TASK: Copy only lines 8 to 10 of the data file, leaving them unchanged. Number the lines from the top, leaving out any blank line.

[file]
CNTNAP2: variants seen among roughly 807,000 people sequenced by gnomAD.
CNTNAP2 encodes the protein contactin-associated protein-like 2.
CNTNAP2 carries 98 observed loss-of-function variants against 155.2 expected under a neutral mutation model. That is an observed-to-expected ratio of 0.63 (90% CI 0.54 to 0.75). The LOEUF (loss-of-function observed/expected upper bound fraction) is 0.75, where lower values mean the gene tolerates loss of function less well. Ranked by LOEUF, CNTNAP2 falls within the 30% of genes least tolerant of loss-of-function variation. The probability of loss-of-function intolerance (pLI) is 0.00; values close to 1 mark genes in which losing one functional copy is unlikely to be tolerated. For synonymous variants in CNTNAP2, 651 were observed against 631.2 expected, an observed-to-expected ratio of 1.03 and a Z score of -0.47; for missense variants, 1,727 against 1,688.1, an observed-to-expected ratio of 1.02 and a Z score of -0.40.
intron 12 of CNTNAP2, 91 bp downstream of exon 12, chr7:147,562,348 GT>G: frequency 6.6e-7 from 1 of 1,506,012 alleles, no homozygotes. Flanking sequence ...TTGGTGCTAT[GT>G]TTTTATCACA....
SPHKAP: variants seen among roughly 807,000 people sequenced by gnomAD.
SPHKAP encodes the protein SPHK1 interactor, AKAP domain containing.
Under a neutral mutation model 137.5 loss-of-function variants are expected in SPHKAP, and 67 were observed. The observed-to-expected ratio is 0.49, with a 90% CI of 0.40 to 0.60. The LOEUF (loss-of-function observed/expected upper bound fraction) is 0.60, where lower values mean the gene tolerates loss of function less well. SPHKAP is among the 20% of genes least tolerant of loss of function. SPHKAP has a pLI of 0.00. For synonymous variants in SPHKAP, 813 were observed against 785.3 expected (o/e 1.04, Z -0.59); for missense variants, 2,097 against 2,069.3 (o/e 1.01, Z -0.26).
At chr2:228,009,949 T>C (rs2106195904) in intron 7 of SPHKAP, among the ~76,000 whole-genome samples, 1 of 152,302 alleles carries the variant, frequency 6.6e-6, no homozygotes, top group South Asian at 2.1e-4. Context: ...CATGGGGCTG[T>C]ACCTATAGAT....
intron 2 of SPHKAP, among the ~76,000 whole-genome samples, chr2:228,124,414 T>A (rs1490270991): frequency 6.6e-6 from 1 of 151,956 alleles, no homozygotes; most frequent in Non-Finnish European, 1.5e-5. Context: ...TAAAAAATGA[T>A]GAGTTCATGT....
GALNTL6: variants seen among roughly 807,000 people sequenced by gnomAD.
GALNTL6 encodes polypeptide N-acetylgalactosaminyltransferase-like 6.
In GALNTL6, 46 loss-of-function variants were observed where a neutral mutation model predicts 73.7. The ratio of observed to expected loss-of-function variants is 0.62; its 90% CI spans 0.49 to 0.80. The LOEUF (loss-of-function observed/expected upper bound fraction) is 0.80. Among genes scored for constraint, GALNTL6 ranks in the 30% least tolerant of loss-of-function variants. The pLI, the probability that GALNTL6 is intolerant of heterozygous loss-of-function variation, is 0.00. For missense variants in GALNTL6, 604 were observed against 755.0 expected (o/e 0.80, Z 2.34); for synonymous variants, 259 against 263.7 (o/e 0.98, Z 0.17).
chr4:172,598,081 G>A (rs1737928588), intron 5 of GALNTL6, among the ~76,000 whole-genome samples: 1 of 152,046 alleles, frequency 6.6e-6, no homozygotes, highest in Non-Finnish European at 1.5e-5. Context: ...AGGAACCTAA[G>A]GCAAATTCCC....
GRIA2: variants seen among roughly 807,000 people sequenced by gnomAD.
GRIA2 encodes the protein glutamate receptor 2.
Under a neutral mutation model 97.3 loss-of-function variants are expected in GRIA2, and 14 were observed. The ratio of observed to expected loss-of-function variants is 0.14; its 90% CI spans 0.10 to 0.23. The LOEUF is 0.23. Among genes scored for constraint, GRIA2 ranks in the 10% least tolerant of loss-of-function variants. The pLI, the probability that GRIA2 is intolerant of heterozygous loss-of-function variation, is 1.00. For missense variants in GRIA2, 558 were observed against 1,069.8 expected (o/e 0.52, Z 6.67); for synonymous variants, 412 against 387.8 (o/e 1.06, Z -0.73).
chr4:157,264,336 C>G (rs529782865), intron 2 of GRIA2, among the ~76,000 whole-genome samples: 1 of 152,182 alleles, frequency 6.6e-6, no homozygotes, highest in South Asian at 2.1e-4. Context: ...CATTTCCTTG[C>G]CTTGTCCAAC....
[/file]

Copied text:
At chr2:228,009,949 T>C (rs2106195904) in intron 7 of SPHKAP, among the ~76,000 whole-genome samples, 1 of 152,302 alleles carries the variant, frequency 6.6e-6, no homozygotes, top group South Asian at 2.1e-4. Context: ...CATGGGGCTG[T>C]ACCTATAGAT....
intron 2 of SPHKAP, among the ~76,000 whole-genome samples, chr2:228,124,414 T>A (rs1490270991): frequency 6.6e-6 from 1 of 151,956 alleles, no homozygotes; most frequent in Non-Finnish European, 1.5e-5. Context: ...TAAAAAATGA[T>A]GAGTTCATGT....
GALNTL6: variants seen among roughly 807,000 people sequenced by gnomAD.